I now come back to the position of the Government, and I am going to say to my right hon. Friend, quite frankly, where I think half his trouble lies, and what is at the root of half the anxiety, the uncertainty, the disturbance of and which has affected the country for the last week or ten days. The Government has a great function to perform at any time, and most of all in war. The Press have a great function to perform at any time, and a function of special responsibility in war. But the functions of the Press are not the functions of the Government, and the functions of the Government are not the functions of the Press, and it is not possible, without misconception and misunderstanding, that they should be combined in the same person. What is the function of the Government? Three great newspaper owners are members of, or are intimately associated with, the Administration. Their papers are found from time to time to contain matters which the Government repudiates with energy; and I, for one, say at once, with truth and with sincerity, you will never persuade the public that a member of the Government or a person connected with the Administration can conduct a campaign in his newspaper contrary to the policy of the Government of the day. It ought not to be possible for him to do it, and you will not persuade the public that it is possible. My right hon. Friend and his Government have surrounded themselves quite unneces- sarily with an atmosphere of suspicion and distrust because they have allowed themselves to become so intimately associated with these great newspaper proprietors. I tell my right hon. Friend what everyone is saying in the Lobbies, outside the House, where men meet, but what I think it is now time for someone to say publicly and as a responsible man in this House. You cannot escape misconception, you cannot escape trouble of this kind as long as you try to combine in the same person the functions of a director of a Press which asserts its independence and a member of a Government who owes loyalty to the Government. You cannot do the two things. As long as you have the owner of a newspaper as a member of your Administration you will be held responsible for what he writes in the newspaper. You would not allow a colleague not the owner of a newspaper to go down and make speeches contrary to the policy of His Majesty's Government or to attack men who are serving His Majesty's Government You cannot allow them, instead of making speeches, to write articles or to permit articles to be written in their newspapers. My right hon. Friend and his Government will never stand clear in the estimation of the public, and will never have the authority which they ought to have, and which I desire them to have, until they make things quite clear, open, and plain to all the world and sever this connection with the newspapers. There is time to do it. It can be done without offence and without reflection on any of the gentlemen who are concerned. They have undertaken public work at the request of the Government, but in my opinion the Government ought never to have requested men who are already pledged in another direction and who could not abandon their old positions to take upon themselves new ones. It is no reflection on the gentlemen themselves to say, "We are going to relieve you and the Government of a quite impossible situation, in which it has been shown that misunderstandings and misconceptions do arise and in which it is clear that they will arise again and again. You will regain your freedom, and we shall cease to be held responsible for that in which we have neither part nor lot "I beg my right hon. Friend the Prime Minister and the members of this Cabinet, for it concerns them all, to take in good spirit the observations that I make.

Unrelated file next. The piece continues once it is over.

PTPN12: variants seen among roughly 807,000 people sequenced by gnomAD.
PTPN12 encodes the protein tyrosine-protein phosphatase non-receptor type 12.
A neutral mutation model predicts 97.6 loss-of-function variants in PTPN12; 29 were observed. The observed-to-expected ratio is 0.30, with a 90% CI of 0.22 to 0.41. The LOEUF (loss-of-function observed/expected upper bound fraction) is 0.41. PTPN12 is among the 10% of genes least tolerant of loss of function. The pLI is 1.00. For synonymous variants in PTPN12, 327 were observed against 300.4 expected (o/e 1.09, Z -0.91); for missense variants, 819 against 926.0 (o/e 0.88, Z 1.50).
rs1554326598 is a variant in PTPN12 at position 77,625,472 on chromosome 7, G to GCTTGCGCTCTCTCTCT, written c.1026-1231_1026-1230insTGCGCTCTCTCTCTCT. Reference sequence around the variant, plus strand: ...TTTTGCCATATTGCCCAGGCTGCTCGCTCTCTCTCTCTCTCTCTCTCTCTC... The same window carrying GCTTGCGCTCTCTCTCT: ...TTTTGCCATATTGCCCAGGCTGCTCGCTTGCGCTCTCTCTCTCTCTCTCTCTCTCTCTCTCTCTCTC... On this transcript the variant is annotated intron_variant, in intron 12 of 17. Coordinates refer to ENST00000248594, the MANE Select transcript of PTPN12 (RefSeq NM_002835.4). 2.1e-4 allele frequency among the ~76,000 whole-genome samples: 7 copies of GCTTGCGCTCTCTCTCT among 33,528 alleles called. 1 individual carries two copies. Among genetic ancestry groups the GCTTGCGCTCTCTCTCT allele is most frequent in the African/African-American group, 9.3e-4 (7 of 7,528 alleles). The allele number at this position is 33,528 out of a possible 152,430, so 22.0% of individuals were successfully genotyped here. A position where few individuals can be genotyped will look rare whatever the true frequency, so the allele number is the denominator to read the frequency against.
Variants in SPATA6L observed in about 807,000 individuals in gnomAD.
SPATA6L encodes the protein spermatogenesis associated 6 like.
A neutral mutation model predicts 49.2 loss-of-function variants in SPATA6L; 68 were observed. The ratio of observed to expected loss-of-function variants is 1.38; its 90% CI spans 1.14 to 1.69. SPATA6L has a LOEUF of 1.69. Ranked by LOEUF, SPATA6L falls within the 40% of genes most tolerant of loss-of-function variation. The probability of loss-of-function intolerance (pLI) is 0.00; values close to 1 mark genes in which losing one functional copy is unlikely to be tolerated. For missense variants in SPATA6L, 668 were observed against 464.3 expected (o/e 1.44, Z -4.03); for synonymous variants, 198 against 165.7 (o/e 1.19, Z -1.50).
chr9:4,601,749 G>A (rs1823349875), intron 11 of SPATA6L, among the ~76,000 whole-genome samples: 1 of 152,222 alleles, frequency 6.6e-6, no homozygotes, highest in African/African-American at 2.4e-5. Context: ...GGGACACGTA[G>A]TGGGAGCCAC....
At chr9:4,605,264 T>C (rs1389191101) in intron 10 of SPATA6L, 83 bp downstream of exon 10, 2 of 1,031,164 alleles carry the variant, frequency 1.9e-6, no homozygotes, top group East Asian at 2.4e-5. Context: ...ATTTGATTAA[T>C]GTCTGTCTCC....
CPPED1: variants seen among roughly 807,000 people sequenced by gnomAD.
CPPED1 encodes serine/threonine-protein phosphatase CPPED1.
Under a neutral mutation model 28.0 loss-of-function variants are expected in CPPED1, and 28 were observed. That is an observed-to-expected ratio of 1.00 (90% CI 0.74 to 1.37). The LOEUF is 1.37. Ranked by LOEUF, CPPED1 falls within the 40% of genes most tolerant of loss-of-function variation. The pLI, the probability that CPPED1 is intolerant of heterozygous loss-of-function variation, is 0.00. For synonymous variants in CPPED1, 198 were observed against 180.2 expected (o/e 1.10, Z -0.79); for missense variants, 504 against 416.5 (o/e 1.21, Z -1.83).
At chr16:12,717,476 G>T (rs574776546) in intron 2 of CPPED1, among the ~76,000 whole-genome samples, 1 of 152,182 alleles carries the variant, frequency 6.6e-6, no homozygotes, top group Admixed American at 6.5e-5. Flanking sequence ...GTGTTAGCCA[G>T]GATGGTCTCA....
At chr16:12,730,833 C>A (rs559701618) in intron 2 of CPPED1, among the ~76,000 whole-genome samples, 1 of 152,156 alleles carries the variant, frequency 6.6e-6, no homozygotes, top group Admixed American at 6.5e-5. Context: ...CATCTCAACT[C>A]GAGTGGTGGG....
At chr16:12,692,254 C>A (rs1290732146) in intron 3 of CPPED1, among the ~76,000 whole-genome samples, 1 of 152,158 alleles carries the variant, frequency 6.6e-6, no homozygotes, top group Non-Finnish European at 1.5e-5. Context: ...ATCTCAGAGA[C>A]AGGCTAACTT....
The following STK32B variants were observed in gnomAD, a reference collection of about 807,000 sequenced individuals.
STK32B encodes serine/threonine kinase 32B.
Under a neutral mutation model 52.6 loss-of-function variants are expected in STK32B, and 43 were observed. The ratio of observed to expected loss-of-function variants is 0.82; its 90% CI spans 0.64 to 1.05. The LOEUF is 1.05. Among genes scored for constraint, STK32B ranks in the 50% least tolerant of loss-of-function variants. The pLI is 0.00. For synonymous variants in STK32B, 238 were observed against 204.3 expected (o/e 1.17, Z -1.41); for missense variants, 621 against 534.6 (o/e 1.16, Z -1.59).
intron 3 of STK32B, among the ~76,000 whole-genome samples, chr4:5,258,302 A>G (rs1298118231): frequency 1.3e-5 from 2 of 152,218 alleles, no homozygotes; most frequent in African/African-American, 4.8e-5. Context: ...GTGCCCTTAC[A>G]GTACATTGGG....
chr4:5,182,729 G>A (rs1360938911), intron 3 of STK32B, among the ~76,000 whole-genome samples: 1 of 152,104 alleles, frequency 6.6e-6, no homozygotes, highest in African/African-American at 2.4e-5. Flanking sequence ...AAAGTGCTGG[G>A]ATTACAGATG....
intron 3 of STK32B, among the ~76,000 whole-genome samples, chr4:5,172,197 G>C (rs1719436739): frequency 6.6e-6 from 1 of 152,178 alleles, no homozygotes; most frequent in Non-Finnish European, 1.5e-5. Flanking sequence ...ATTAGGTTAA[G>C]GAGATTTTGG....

Hear, hear!